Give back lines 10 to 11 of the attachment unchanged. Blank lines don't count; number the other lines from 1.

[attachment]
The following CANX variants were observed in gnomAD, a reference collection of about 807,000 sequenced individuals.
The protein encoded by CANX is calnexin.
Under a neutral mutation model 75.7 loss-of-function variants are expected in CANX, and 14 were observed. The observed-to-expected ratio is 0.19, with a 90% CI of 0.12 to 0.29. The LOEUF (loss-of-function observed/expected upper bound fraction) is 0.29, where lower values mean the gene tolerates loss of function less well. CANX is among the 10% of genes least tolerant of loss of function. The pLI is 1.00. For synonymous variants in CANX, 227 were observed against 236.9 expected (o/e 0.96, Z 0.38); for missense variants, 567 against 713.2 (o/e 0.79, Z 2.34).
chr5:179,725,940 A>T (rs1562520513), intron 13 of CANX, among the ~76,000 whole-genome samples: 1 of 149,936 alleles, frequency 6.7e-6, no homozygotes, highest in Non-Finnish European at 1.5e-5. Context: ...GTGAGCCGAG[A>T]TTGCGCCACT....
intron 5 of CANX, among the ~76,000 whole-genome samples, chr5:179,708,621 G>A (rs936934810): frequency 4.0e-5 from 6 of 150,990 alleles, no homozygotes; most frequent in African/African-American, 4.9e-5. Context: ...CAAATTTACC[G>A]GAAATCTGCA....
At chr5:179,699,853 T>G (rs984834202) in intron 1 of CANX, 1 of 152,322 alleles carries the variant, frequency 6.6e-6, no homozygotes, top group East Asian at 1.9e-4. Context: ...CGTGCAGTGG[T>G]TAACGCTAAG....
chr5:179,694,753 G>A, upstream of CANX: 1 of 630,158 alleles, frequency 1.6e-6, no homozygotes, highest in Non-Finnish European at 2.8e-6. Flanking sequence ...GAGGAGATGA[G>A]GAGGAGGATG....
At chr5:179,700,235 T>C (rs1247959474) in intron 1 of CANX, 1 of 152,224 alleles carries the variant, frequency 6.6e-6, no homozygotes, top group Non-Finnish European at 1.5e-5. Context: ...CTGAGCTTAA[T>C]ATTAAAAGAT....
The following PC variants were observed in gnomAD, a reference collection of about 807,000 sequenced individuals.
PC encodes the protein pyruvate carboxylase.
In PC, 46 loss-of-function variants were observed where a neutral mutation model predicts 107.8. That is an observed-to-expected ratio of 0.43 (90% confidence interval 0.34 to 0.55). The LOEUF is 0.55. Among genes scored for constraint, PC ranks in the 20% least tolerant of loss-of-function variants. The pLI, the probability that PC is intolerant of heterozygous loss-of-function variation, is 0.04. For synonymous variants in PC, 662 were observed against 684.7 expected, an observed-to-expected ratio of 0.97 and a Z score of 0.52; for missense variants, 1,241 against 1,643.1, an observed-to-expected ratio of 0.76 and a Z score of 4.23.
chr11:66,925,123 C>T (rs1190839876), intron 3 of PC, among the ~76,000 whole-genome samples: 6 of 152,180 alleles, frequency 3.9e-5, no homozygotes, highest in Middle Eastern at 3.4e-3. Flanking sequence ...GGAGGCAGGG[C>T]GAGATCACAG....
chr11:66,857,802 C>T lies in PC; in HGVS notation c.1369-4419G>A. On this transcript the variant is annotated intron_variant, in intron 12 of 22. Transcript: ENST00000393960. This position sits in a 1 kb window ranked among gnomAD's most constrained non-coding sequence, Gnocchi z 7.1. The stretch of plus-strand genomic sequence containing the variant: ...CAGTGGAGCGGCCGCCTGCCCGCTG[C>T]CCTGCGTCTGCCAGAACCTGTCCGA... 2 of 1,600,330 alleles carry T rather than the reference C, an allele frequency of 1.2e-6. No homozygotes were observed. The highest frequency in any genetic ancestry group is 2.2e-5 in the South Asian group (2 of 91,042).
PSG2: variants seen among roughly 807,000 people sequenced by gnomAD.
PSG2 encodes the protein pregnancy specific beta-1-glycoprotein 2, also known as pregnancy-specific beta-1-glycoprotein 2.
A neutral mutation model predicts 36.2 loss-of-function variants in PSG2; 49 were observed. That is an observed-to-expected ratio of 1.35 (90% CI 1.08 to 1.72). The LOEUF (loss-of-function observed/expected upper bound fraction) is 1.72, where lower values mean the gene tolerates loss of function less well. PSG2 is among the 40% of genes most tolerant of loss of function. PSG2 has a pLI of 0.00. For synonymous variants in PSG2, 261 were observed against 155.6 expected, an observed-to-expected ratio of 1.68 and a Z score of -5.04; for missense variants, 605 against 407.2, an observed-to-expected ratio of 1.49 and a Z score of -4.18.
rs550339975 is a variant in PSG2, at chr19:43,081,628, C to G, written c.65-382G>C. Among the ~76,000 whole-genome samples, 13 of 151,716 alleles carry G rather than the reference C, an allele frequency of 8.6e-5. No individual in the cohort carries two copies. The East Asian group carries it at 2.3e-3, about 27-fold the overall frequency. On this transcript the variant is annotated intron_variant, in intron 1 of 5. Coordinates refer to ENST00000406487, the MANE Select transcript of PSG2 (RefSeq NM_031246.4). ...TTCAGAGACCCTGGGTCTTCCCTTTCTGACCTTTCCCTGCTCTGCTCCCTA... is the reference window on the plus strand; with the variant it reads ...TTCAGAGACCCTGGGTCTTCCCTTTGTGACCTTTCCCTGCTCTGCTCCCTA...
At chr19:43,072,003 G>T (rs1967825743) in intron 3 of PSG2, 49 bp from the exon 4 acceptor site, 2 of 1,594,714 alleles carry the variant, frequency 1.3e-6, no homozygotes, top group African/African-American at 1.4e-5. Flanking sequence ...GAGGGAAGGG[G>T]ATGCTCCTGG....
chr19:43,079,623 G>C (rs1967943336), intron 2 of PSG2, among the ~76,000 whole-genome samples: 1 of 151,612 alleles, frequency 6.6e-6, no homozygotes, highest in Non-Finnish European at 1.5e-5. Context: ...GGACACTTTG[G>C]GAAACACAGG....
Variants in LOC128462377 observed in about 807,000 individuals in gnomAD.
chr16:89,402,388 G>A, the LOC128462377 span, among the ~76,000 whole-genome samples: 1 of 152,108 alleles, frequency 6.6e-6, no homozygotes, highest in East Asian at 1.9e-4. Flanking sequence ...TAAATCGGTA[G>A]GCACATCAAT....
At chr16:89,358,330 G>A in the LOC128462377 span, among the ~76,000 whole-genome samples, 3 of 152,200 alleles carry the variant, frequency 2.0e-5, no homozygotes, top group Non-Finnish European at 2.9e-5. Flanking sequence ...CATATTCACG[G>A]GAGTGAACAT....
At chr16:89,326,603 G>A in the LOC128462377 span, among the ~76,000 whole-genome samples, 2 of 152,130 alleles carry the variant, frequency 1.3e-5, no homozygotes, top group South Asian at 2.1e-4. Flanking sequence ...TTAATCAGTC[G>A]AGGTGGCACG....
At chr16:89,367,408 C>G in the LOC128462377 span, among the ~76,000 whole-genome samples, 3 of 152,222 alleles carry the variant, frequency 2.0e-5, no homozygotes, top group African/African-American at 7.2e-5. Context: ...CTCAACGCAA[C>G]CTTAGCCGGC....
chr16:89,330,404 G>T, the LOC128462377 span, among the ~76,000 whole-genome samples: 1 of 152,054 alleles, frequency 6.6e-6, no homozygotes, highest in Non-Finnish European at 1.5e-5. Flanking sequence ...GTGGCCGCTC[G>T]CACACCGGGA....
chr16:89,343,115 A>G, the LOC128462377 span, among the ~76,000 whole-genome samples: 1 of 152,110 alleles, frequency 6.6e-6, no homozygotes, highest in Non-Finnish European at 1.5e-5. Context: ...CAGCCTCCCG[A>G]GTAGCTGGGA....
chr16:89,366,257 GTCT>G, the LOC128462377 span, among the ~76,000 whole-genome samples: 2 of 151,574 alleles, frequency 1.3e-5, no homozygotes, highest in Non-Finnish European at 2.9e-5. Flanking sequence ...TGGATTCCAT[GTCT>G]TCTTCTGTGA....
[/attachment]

PC encodes the protein pyruvate carboxylase.
In PC, 46 loss-of-function variants were observed where a neutral mutation model predicts 107.8. That is an observed-to-expected ratio of 0.43 (90% confidence interval 0.34 to 0.55). The LOEUF is 0.55. Among genes scored for constraint, PC ranks in the 20% least tolerant of loss-of-function variants. The pLI, the probability that PC is intolerant of heterozygous loss-of-function variation, is 0.04. For synonymous variants in PC, 662 were observed against 684.7 expected, an observed-to-expected ratio of 0.97 and a Z score of 0.52; for missense variants, 1,241 against 1,643.1, an observed-to-expected ratio of 0.76 and a Z score of 4.23.